While she tried to lift her near the cage, Shevchenko blocked her attempts before wrestling back to the ground once more and tying the flyweight record for most takedowns in a single fight (7).
There, she got into the crucifix position, landing multiple ground and pound strikes to finish with a flourish. Andrade was clearly surprised by Shevchenko’s decision to continue grappling, instead of sticking to her stand-up skills, and issued a warning to the contenders watching on:
“I wanted to surprise people, I can do everything! After I saw the blood, I knew I had to go harder to stop the fight. Here I am, anyone and everyone, I’m here. While you’re looking for my weaknesses, don’t waste your time, there is none.”
Rest of main card marred by successive leg injuries
Weidman snaps his foot with first kick of the fight
R1, 0:17 – Uriah Hall (#9) defeats Chris Weidman (#11) via TKO (leg injury)
Eight years after watching Anderson Silva snap his fibula and tibia on contact during their middleweight title fight, former champion Weidman had his first low leg kick checked and suffer the same injury – with the same referee Herb Dean – vs. Hall, 11 years after their first matchup.
This was billed as a pair of 36-year-old middleweight contenders seeking clarity in a division with plenty of recent movement, but instead proved a heartbreaking finish to watch as Weidman was stretchered out of the arena to receive medical assistance. Hall had this to say afterwards:
“I’ve got nothing but respect for him, a crazy story that he was the first man I fought that defeated me… it’s crazy how we ended up here again, I wanted to put a great performance but man, I feel so bad for him.
Hopefully he’s okay, I wish his family well. It’s [sustaining injuries] a sucky part of this sport, hope he recovers and whatever rank I am in the future, I owe him this fight – you’re still one of the best Chris.”
Crute’s cruel ending in main card opener
R1, 5:00 – Anthony Smith (#6) defeats Jimmy Crute (#13) via TKO (doctor stoppage)
After his R1 win over Devin Clark in November, Smith has now secured back-to-back victories for the first time since October 2018, albeit with an anti-climatic finish against rising prospect Crute.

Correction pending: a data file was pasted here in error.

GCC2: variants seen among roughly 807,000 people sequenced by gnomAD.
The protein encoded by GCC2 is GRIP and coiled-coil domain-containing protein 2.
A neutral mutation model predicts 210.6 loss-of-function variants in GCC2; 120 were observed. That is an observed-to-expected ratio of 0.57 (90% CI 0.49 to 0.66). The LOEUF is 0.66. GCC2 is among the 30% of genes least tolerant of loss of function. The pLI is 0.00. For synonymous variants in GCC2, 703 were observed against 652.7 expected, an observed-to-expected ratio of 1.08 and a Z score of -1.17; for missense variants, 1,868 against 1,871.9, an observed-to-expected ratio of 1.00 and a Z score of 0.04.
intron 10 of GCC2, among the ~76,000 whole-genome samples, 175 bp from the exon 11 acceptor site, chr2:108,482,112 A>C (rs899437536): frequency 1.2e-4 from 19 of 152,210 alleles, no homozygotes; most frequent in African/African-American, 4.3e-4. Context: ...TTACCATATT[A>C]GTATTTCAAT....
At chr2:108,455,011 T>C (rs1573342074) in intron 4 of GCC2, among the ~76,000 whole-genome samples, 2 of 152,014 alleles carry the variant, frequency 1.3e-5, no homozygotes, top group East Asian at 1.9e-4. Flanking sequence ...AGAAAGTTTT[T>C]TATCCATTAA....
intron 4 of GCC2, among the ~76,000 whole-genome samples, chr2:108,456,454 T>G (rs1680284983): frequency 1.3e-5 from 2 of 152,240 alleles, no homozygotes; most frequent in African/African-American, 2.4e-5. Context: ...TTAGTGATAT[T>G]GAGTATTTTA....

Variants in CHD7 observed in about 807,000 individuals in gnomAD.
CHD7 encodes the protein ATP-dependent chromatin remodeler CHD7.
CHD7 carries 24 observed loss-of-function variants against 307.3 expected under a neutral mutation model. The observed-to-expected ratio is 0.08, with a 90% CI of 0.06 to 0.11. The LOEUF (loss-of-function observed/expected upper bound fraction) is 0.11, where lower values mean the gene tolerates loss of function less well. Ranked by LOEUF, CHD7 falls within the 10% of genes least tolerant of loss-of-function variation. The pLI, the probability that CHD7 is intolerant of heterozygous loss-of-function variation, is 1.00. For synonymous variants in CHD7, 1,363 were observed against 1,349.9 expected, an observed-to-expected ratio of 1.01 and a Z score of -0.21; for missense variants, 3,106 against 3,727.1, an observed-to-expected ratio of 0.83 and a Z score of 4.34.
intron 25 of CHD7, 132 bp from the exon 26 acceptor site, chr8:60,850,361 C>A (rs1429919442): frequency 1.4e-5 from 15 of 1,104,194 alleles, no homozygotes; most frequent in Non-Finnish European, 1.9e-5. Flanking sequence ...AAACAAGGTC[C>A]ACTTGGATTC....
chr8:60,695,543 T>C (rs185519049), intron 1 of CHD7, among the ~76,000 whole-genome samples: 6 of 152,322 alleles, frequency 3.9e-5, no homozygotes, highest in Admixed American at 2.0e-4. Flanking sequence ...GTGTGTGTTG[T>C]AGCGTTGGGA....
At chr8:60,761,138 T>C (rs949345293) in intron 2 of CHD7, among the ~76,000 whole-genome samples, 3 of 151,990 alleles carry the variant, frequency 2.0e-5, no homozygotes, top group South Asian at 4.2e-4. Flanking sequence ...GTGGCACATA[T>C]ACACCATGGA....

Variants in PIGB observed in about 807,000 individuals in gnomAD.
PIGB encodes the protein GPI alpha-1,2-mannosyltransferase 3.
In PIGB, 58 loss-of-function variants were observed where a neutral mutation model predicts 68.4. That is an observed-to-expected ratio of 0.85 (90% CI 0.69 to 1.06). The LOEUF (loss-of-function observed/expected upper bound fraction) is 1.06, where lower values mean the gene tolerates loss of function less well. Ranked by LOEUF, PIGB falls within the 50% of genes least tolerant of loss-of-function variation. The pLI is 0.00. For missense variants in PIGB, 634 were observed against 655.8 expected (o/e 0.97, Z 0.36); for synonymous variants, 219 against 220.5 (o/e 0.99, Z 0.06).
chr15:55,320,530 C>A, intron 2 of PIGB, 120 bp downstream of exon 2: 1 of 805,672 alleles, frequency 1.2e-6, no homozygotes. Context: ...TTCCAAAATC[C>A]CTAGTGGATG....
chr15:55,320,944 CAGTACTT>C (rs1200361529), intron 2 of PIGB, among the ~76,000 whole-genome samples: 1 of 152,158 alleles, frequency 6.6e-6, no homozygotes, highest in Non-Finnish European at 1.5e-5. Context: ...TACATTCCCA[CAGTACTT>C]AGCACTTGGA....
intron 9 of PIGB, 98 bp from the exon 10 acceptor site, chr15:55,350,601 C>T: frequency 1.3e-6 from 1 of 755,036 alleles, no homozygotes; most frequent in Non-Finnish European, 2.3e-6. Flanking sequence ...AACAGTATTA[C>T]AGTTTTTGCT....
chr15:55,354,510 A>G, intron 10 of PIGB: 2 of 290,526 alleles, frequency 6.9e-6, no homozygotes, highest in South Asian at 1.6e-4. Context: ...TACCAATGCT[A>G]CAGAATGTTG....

After having early success with multiple jabs which caught the Australian flush on his face, Crute was already wearing the damage to the right eye but landed some leg kicks of his own.
Both connected with hooks as they exchanged in the pocket, before Smith let fly with his first leg kick of the evening – watching on as Crute had a staggered reaction but fell to the mat.
The delay suggested some injury had been sustained and within seconds, it was apparent: you could see him trying to fight his way through drop foot, as Smith had caused nerve damage.
Despite two takedowns late on, Crute couldn’t mask the pain as his foot literally dangled awkwardly across the mat. After a doctor’s assessment between rounds, the fight was called off.
Pre-fight he stressed the importance of not making any mistakes against a one-time title challenger and while there was plenty of respect between the pair, Smith managed distance well while proving he’s still a viable top-tier threat in the light-heavyweight division.
Prelims, early prelim results
In the featured prelim at welterweight, Randy Brown returned to winning ways by earning a one-arm rear-naked choke against Alex Oliveira to finish an entertaining first-round affair.
Oliveira wobbled him early with some low leg kicks that weren’t checked, before Brown had a flash knockdown with a vicious right hand and secured the stoppage by showcasing awareness and timing against the cage to capitalise on the Brazilian, who had no answers.
In a slow-burning welterweight affair, Dwight Grant outlasted the returning Stefan Sekulic with a split decision win (29-28 x 2, 28-29) but survived a nervy final minute after absorbing a one-two punch combination and tight guillotine choke attempt that could’ve finished things late on.
Having suffered his first UFC defeat vs. Sean Strickland in November, middleweight prospect Brendan Allen vowed to avenge that loss after racing to a R1 submission – heel hook – win over Karl Roberson, who relinquished a favourable position on the ground and was duly punished.
After two straight Cage Fury wins post-lockdown, featherweight debutant Pat Sabatini made his first UFC outing one to remember against Tristan Connelly – who had dropped two weight classes following an arduous 19-month period outside the Octagon since beating Michel Pereira.
Having clearly dominated the first two rounds on the ground, the 30-year-old would’ve known he was up 2-0 ahead of the finale. Despite Connelly’s spirited third-round showing, where he stuffed an early takedown attempt and secured one of his own late on, it was ultimately futile.
There were UD wins for flyweight Jeff Molina (vs. Qileng Aori) and lightweight Rodrigo Vargas (vs. Rong Zhu), before bantamweight Danaa Batgerel – who last appeared at UFC 248 a year ago – earned a second straight knockout finish, needing just 50 seconds to finish Kevin Natividad after landing a beautiful counter left hook and following up with ground and pound strikes.
In the women’s strawweight division, Ariane Carnelossi earned her first UFC win at the second attempt with a second-round TKO finish against debutant Na Liang during the night’s opener.
Pictures source: Getty Images